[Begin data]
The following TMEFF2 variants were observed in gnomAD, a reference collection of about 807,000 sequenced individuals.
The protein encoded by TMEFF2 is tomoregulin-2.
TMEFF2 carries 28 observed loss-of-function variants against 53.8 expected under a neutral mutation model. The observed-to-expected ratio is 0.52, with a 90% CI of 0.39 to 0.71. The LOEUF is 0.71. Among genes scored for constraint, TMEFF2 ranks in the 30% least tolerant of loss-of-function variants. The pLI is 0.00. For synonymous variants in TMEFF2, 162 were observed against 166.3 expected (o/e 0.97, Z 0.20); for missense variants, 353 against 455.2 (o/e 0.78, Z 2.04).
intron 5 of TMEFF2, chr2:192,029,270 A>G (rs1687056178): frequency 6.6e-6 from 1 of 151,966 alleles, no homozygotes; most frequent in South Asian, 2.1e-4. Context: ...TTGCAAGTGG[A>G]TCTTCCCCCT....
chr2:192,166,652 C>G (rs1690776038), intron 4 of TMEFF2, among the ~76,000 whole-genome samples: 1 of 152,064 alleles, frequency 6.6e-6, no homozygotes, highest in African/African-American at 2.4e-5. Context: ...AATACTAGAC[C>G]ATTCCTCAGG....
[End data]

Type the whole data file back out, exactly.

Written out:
The following TMEFF2 variants were observed in gnomAD, a reference collection of about 807,000 sequenced individuals.
The protein encoded by TMEFF2 is tomoregulin-2.
TMEFF2 carries 28 observed loss-of-function variants against 53.8 expected under a neutral mutation model. The observed-to-expected ratio is 0.52, with a 90% CI of 0.39 to 0.71. The LOEUF is 0.71. Among genes scored for constraint, TMEFF2 ranks in the 30% least tolerant of loss-of-function variants. The pLI is 0.00. For synonymous variants in TMEFF2, 162 were observed against 166.3 expected (o/e 0.97, Z 0.20); for missense variants, 353 against 455.2 (o/e 0.78, Z 2.04).
intron 5 of TMEFF2, chr2:192,029,270 A>G (rs1687056178): frequency 6.6e-6 from 1 of 151,966 alleles, no homozygotes; most frequent in South Asian, 2.1e-4. Context: ...TTGCAAGTGG[A>G]TCTTCCCCCT....
chr2:192,166,652 C>G (rs1690776038), intron 4 of TMEFF2, among the ~76,000 whole-genome samples: 1 of 152,064 alleles, frequency 6.6e-6, no homozygotes, highest in African/African-American at 2.4e-5. Context: ...AATACTAGAC[C>G]ATTCCTCAGG....